Saturday, December 13, 2014

Do the maths

A long-term trend which may have developed over several months may look huge on a price chart. The price in an individual stock may have appreciated 100% - maybe more. And that's great. A lot of traders trumpet their own trades in this manner. But that's not what I'm interested in.

Take for example a stock that moves up 100% over the course of a year. The entry was at $50 and went up to $100. In that period where will have been some price movements against that main trend - some bigger than others. So, to stay in a trade for that length of time, it is more than likely that the initial stop and exit parameters are quite loose, to allow for this price fluctuation or 'noise'. The initial stop was placed at $40.

Next, look at a stock which gave an entry signal at $10 and moved up 30% in a few weeks, before generating an exit signal at $13. Nowhere near as spectacular, I hear you say. But then I tell you that the initial stop was placed only 50c away from entry.

So, which is the better trade - the one where price moved 100%, or the one that moved only 30%? I'll let you do the maths.


  1. Reward / Risk (Situation 1) = $50 / $10 = 5
    Reward / Risk (Situation 2) = $3 / $0.50 = 6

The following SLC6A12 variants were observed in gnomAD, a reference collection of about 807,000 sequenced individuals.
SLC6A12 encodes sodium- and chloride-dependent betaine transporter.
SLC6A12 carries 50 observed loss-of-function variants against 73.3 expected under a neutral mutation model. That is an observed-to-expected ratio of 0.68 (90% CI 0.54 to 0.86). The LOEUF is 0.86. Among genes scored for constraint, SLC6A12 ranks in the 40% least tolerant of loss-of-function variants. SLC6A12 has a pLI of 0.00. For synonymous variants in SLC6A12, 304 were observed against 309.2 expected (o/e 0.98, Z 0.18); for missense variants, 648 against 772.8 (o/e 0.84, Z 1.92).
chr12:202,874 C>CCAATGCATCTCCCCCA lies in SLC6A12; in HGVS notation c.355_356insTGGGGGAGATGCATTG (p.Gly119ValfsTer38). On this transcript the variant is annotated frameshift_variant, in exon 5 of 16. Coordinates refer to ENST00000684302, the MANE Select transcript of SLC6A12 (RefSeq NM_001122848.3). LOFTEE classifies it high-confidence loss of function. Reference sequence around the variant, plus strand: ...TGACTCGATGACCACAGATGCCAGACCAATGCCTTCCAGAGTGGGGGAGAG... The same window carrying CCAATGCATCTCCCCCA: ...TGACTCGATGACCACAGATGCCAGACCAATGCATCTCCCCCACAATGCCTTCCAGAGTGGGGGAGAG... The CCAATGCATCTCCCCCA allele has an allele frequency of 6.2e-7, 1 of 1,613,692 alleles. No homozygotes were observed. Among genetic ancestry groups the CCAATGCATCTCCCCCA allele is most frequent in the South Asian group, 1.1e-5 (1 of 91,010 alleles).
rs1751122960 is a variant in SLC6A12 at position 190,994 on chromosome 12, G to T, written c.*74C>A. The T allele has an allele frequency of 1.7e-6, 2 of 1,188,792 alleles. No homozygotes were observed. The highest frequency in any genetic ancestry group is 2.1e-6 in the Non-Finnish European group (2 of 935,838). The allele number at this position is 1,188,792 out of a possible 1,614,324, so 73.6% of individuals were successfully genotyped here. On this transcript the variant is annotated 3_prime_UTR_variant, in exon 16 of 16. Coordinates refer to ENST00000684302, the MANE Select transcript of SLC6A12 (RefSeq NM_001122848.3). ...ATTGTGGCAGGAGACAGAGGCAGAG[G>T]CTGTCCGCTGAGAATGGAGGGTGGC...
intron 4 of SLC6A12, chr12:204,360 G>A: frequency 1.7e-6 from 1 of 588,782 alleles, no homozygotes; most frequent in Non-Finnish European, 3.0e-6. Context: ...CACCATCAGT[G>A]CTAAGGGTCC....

Situation 2, since the return as a percentage of equal risk taken is higher!

  2. Correct - the problem is that a lot of traders don't look at or express their returns in that manner. They will simply say "I picked a stock that went up 100%" but to me that's only part of the story. As in the example on the post, the smaller price resulted in a bigger profit (in terms of R). Makes you wonder if they are more interested in their stock picking capabilities or making money...

  3. I did receive the following comment from somebody named Tetra this morning, which has mysteriously disappeared! Anyway, he said the following:

    "Agreed completely. This sizing methode (imo) has a twin rule which states that no more than a fixed percentage of available equity can be placed (engaged) on any single trade. A stock which's made a very tight consolidation presents a nice opportunity as R will be a small percent of the stocks price. But as a result, you might freeze a non negligible portion of capital on a trade. Any stock can gap countertrend, which, unlikely as it seems when trading with the trend, still can happen. Risk of ruin not being an option (and "unlikely" not being good enough), i never engage more than 20% of equity on a trade."